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UK Energy Security Strategy ‘will unlock opportunities for Pembrokeshire’ says MP

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IN THE WAKE of rising global energy prices and the war in Ukraine, the UK Government has today published a new Energy Security Strategy. The strategy outlines the steps required to safeguard the nation’s long-term energy independence, security and prosperity.

Preseli Pembrokeshire MP Stephen Crabb has said that the strategy will unlock new economic opportunities for Pembrokeshire.

At the heart of the energy security strategy is major new investment in low carbon nuclear and renewable energy and includes new ambitious targets for achieving this. A drive to produce up to 50 gigawatts by 2030 from offshore wind has been set, of which 5 gigawatts will come from floating offshore wind.

Mr Crabb has been one of the leading voices in Parliament calling for a strategy to deliver a new floating offshore wind industry in the Celtic Sea. He recently urged ministers to raise the target for floating offshore wind deployment to send a signal to developers and investors about the long-term potential of this new industry.

The strategy will also see a significant acceleration of nuclear energy, with a target of up to 24 gigawatts by 2050. A new government body, Great British Nuclear will be set up to help bring forward these plans.

Commenting on the announcement, Mr Crabb said:

“I am delighted to see that renewable energy will play a significant role in the strategy, especially floating offshore wind. I want to see Pembrokeshire benefit from the growth of the renewable energy industry”.

“Milford Haven is one of the most important energy ports in Europe. The vision outlined today holds the potential for a new generation of investment in the port as we seek to develop large scale offshore wind power in the Celtic Sea. The Prime Minister is correct to say that Britain can become the Saudi Arabia of this renewable energy industry.”

“I recently met with the Crown Estate which owns the seabed and is responsible for licensing the various applications for new projects to urge a quicker roll-out of new licenses. There is no doubt that floating offshore wind is an industry where Pembrokeshire has a natural advantage, given our coastline, wind speeds, and the transferable expertise of our oil and gas sector. It has significant potential to make a major contribution to achieving the UK’s net zero ambitions whilst boosting our local economy and providing high skilled green jobs here in Pembrokeshire”.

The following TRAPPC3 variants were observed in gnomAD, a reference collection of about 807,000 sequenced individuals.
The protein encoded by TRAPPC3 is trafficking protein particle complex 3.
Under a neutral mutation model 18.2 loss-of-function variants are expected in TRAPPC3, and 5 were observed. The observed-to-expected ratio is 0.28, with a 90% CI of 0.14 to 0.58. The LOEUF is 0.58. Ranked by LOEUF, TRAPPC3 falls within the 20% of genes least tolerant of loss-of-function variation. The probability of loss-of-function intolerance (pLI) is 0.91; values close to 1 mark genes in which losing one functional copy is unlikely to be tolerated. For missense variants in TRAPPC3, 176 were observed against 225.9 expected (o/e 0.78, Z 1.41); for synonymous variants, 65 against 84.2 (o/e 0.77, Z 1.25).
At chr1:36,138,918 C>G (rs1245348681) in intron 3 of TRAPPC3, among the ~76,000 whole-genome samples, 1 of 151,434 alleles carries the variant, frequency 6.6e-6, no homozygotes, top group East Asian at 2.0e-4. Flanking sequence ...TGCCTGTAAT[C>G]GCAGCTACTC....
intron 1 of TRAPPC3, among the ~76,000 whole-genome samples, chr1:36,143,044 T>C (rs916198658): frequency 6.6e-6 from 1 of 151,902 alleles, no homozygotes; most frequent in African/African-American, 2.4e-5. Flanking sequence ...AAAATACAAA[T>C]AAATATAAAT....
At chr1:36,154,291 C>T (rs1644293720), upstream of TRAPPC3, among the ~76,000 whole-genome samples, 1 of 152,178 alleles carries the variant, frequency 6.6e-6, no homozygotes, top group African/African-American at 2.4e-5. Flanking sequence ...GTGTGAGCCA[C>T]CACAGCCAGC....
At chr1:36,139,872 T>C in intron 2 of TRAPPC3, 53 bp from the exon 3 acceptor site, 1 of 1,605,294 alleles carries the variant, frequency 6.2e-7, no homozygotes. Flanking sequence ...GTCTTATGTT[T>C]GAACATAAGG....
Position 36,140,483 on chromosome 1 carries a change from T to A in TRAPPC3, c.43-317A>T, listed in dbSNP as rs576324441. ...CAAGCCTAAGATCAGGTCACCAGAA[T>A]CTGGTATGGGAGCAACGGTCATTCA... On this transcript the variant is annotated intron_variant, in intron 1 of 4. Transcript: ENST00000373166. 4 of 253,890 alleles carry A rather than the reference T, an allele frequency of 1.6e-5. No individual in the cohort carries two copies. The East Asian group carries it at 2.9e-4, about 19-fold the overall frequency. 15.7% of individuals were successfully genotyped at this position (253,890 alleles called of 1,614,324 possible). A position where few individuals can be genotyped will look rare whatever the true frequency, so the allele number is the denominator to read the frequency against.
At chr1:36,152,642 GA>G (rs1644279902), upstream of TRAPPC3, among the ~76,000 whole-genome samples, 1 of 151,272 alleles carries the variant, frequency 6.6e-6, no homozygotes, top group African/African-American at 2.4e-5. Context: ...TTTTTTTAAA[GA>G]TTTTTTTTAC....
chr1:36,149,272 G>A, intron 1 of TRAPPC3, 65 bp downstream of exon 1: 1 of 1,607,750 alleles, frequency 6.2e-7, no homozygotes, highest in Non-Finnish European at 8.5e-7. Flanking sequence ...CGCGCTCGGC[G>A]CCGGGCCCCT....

News

Monkton: One person flown to Cardiff following incident

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THERE was a large emergency services presence in Monkton last night (May 25).

At around 7.30pm, emergency services were called to a report of an incident.

Back Terrace was temporarily closed off while officers dealt with the situation.

An Air Ambulance was dispatched and flew one person to The University Hospital of Wales.

A Welsh Ambulance Service spokesperson said: “We were called at approximately 7.30pm yesterday, Wednesday 25 May, to an incident in the Monkton area of Pembroke.

“We sent a rapid response car, an emergency ambulance and an air ambulance to the scene, where the crew were also supported by a duty operations manager.

“One person was flown to the University Hospital of Wales.”

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Community

Nature is blooming at Withybush Woods three years after enhancement project

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THREE years after the launch of a project to enhance Withybush Woods, there are abundant signs that biodiversity is thriving.

Swathes of early purple orchid – a scarce wild flower – have been spotted in shadier parts of the tranquil woodlands while a pair of rare breeding stock doves have made the woods their home for the second year.

Song thrushes can be heard everywhere on the 1.5km accessible footpath together with chiffchaffs, willow warblers, nuthatch, woodpeckers, blackbirds, blue tits and many other woodland birds.